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Scale, Gauge, and Porportion.

April 18, 2008

Three vastly different concepts that need to work together to produce a beautiful miniature object. 

I can make this a multi-part series if you leave a comment saying that you’d like to see a more in-depth version of this post, but otherwise, let’s compare these two locomotives.

This is an excellent example of an “Overfair Railway” 4-6-2 That’s 19″ gauge 4-6-2.
Suberb engineering, and built by the Southern Pacific Shops there in Sacramento, only problem: It’s ugly, and out of porportion. The Running Gear& Frame are works of art. They spoiled the porportional necessity of this 19″ gauge 4-6-2 by adding:

-A headlight that’s too small

-A tender that’s 10% too small

-A cab that’s 25% too big.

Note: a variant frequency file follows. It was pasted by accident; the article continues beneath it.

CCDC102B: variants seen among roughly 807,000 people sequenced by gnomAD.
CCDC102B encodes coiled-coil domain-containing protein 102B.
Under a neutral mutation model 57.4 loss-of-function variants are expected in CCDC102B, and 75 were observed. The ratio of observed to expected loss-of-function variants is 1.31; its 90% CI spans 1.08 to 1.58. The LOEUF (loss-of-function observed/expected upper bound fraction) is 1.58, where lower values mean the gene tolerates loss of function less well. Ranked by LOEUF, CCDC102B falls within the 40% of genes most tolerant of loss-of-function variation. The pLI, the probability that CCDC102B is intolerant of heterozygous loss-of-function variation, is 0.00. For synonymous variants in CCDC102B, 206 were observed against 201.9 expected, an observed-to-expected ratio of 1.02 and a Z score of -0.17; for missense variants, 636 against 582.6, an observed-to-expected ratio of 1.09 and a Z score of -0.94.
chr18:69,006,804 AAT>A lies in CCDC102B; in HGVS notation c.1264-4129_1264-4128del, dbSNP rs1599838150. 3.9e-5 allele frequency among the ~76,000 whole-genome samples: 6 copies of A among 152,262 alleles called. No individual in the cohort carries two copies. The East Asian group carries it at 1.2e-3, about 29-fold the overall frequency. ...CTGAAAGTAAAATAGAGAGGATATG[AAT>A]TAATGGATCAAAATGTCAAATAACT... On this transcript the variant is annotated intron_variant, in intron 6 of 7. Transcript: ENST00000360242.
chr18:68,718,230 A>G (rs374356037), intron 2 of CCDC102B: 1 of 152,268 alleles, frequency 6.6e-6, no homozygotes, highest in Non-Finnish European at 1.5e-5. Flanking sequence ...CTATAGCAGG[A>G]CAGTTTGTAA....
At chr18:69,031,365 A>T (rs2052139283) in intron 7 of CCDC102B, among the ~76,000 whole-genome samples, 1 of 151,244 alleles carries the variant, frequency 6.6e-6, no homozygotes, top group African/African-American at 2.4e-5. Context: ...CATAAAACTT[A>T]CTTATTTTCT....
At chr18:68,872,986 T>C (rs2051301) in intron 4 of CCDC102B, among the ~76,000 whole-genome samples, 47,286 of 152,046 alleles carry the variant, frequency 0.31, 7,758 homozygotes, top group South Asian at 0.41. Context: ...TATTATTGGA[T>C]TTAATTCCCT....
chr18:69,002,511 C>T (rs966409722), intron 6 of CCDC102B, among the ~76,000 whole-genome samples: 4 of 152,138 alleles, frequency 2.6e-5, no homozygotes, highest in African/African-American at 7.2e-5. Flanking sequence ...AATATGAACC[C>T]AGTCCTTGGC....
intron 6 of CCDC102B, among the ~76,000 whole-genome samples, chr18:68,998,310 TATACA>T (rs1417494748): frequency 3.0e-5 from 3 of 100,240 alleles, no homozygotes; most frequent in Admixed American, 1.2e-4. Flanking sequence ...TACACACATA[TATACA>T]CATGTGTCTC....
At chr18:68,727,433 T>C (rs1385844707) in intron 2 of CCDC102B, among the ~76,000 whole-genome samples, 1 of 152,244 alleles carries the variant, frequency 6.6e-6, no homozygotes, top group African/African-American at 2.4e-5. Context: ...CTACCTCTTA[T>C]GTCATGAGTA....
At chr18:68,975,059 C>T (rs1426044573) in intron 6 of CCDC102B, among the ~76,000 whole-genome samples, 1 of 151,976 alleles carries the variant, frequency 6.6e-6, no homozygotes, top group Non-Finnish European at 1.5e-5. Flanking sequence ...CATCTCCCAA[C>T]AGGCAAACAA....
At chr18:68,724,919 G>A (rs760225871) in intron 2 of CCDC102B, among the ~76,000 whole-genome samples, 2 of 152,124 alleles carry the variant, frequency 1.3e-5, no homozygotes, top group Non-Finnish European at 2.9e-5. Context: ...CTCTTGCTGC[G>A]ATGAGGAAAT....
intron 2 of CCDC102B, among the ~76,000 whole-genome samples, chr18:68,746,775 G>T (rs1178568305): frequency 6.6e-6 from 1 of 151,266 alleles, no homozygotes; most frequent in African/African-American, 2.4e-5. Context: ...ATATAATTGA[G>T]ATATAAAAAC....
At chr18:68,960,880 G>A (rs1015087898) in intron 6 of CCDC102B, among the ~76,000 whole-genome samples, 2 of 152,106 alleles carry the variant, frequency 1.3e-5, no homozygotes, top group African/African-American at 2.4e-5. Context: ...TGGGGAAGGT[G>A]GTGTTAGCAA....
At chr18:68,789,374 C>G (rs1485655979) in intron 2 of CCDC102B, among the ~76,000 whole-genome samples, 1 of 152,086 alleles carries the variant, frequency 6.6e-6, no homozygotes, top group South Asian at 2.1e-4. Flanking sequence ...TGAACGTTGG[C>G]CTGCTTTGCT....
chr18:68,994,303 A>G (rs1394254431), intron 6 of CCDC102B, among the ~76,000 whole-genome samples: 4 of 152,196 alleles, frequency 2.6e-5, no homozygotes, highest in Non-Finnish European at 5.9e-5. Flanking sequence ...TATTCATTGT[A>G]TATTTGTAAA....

-A horrible “Wagon-top” tapered boiler (which is unnecessary for a locomotive of this size anyway)

-You’d think that someone would have said something, or built it to adhere to a specific SCALE, but it seems to have been ignored after he designed the Running Gear.

-The ungainly proportions of this locomotive really detract from the overall beauty of something so mechanically fascinating.

Although this is the largest of the RVRy’s equipment, this 2-6-2 shows the benefit of a well-porportioned miniature. This isn’t even the best-porportioned of locomotives on the roster either.

-The Drivers are realistically small for the Drag-Freight she’ll be pulling.

-The Cab is will within realistic 3′ Narrow Gauge porportional specifications.

-Her USRA-esque tender has scale rivets, and attractive lines for a steel tender.

-The domes, Stack, and headlight all work together coherently to produce an accurate illusion of scale. They all work together to even out the porportion of this 15″ gauge 5″ scale locomotive.

 

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